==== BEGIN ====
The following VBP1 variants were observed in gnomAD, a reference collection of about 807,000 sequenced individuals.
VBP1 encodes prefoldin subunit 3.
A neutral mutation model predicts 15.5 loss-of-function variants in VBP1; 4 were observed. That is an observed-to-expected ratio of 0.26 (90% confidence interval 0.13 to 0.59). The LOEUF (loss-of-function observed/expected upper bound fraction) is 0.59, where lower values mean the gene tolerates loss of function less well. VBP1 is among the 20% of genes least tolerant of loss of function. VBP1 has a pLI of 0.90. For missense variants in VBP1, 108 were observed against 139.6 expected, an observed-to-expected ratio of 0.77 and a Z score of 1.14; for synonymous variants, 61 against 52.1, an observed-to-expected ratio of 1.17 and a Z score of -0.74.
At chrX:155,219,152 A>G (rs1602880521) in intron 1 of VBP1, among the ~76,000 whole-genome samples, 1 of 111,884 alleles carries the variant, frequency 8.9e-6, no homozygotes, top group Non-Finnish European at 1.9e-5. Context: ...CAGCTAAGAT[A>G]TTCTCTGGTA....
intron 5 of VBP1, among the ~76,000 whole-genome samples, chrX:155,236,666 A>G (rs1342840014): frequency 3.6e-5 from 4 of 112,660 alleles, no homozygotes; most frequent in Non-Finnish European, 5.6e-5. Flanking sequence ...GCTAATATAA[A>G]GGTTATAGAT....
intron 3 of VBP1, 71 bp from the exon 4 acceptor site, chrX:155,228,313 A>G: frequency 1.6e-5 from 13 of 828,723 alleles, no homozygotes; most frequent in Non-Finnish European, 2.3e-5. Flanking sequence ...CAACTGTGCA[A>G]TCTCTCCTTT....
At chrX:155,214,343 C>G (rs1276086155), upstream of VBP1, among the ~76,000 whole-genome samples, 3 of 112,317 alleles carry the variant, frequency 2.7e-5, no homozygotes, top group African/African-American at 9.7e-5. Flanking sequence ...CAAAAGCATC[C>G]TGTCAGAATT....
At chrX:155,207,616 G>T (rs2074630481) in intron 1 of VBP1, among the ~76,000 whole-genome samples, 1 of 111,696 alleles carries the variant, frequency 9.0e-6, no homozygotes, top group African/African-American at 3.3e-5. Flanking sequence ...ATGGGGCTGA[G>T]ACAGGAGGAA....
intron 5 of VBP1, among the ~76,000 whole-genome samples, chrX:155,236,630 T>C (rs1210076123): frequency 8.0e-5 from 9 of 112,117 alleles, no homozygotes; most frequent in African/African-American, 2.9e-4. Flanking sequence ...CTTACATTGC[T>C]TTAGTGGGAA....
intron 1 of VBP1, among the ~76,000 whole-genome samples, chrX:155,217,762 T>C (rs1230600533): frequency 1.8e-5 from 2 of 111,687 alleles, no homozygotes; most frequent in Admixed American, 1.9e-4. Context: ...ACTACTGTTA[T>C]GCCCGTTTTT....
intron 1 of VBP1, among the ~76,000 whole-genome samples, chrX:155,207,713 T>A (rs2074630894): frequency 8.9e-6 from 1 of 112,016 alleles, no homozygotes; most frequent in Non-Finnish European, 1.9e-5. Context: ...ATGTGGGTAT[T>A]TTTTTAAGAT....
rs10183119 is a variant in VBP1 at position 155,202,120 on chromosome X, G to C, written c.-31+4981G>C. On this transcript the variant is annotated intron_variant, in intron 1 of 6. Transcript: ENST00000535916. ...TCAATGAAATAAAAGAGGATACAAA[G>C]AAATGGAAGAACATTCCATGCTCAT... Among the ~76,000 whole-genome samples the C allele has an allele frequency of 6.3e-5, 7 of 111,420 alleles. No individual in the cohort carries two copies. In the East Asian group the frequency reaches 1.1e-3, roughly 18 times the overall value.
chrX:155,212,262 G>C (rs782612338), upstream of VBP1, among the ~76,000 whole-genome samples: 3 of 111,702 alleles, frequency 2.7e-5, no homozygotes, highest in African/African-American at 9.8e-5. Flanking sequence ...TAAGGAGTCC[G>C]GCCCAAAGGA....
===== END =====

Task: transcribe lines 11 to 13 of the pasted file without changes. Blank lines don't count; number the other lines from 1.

intron 1 of VBP1, among the ~76,000 whole-genome samples, chrX:155,207,713 T>A (rs2074630894): frequency 8.9e-6 from 1 of 112,016 alleles, no homozygotes; most frequent in Non-Finnish European, 1.9e-5. Context: ...ATGTGGGTAT[T>A]TTTTTAAGAT....
rs10183119 is a variant in VBP1 at position 155,202,120 on chromosome X, G to C, written c.-31+4981G>C. On this transcript the variant is annotated intron_variant, in intron 1 of 6. Transcript: ENST00000535916. ...TCAATGAAATAAAAGAGGATACAAA[G>C]AAATGGAAGAACATTCCATGCTCAT... Among the ~76,000 whole-genome samples the C allele has an allele frequency of 6.3e-5, 7 of 111,420 alleles. No individual in the cohort carries two copies. In the East Asian group the frequency reaches 1.1e-3, roughly 18 times the overall value.
chrX:155,212,262 G>C (rs782612338), upstream of VBP1, among the ~76,000 whole-genome samples: 3 of 111,702 alleles, frequency 2.7e-5, no homozygotes, highest in African/African-American at 9.8e-5. Flanking sequence ...TAAGGAGTCC[G>C]GCCCAAAGGA....